I’m kicking off my annual Suite of Sweets for Sweethearts event today with a luscious recipe for homemade dairy-free vanilla pudding and a giveaway of the cookbook that this recipe comes from. We’re only a week away from Valentine’s Day!
Those of you who have been reading gfe for a while know that I absolutely LOVE Valentine’s Day. Mr. GFE and I even host a big Valentine’s Day bash. We have been having our Valentine’s Day parties for decades, even before we were married. Now they’ve become quite an event, so we only hold the party every other year and this is not a party year for us, but we will still be celebrating Valentine’s Day, just in a simpler way.
That leaves me plenty of time for this year’s SSS event and that’s a very good thing because it’s going to be absolutely amazing and so much fun, and totally delicious, of course! SSS will continue on past Valentine’s Day (and then we’ll have something else special for March). You won’t want to miss a post—here on gfe or on Facebook because I’m going to be sharing different items in each place! (Be sure to subscribe to gfe and to not only “Like” my Facebook page, but also use your mouse and hover over “Like” so you can click on “Get Notifications.”)
I am going to be sharing some of the very best gluten-free cookbooks with you during this year’s event! And, happily, via the generosity of the authors and publishers of these cookbooks, I will also be offering one of the sweet recipes from these marvelous resources in each post and sharing a review and giveaway of all.
Now for today’s post, I’m so tickled to kick off this year’s SSS by sharing a recipe from my dear friend Lexie (Flo and Grace, formerly Lexie’s Kitchen) and telling you about her new cookbook, Everyday Classics: 68 Tasty & Essential Recipes Gluten Free, Dairy Free, Egg Free, and Soy Free.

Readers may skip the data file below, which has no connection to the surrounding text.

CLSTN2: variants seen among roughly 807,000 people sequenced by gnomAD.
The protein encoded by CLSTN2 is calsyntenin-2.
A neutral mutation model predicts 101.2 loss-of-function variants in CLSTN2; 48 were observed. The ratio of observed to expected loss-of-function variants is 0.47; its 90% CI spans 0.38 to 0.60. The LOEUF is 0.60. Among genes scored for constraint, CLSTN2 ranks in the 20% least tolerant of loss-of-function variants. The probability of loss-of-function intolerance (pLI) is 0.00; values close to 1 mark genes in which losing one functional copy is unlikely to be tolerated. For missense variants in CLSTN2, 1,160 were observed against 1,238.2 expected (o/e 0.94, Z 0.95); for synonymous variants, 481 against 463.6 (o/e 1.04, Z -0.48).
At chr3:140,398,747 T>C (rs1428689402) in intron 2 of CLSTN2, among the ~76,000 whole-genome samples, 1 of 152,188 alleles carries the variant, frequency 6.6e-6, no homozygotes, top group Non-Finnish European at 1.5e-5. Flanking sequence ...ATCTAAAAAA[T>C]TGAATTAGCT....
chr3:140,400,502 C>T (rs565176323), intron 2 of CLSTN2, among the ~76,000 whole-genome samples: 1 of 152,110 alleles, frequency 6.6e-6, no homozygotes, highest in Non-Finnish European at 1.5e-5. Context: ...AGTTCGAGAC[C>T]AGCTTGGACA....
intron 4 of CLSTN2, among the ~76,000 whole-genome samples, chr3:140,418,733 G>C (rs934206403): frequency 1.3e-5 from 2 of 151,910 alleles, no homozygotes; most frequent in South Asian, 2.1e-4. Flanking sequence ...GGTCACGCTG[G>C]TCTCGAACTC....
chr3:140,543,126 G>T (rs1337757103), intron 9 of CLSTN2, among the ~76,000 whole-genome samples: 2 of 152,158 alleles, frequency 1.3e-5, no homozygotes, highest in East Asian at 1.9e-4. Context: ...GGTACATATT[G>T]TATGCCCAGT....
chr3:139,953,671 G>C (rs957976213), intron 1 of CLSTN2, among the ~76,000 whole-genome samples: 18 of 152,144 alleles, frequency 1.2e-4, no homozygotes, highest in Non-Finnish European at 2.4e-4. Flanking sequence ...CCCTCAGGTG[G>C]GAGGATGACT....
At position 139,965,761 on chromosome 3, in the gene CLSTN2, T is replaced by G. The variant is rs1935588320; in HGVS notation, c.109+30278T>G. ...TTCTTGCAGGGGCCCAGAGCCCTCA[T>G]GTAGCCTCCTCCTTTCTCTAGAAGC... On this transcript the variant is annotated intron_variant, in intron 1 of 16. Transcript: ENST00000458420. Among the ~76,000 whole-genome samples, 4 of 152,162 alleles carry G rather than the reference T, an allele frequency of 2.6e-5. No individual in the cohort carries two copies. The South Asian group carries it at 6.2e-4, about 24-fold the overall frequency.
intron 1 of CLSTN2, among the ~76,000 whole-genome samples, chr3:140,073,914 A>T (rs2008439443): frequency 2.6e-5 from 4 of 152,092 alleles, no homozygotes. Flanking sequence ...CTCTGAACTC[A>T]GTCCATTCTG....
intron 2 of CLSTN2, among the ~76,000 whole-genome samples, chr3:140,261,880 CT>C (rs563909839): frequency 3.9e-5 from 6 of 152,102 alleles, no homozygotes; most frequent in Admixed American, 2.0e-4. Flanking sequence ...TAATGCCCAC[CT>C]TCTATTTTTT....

Lexie’s book is small in size, about 8 inches square and less than 1/2 an inch thick, but don’t let that fool you. This cookbook is packed with good stuff! And its size makes it a cinch to throw in your purse or tote bag and take along to the kids’ soccer game or to the grocery store or health food store.
I’ve been very fortunate to know Lexie for several years now and she’s such a dear! Behind that adorable caricature of her in the chef’s hat with pretty pink highlights (pink is her color after all) and all her recipes and all of her other sharing on her blog—and now in her new cookbook—she’s the real deal. “Real deal” people are becoming a bit rarer I think so it’s important to acknowledge them.
I already knew Lexie’s family’s story and why she started creating gluten-free, dairy-free, egg-free, and soy-free recipes, to some degree. I also knew that every recipe of hers that I have ever tried I have loved (and I’m “just gluten free”—most of the time and most days anyway). That fact alone shows that if you’re gluten free, dairy free, egg free, and soy free, you really don’t have to miss out on delicious meals when you’re using Lexie’s “more-free” recipes.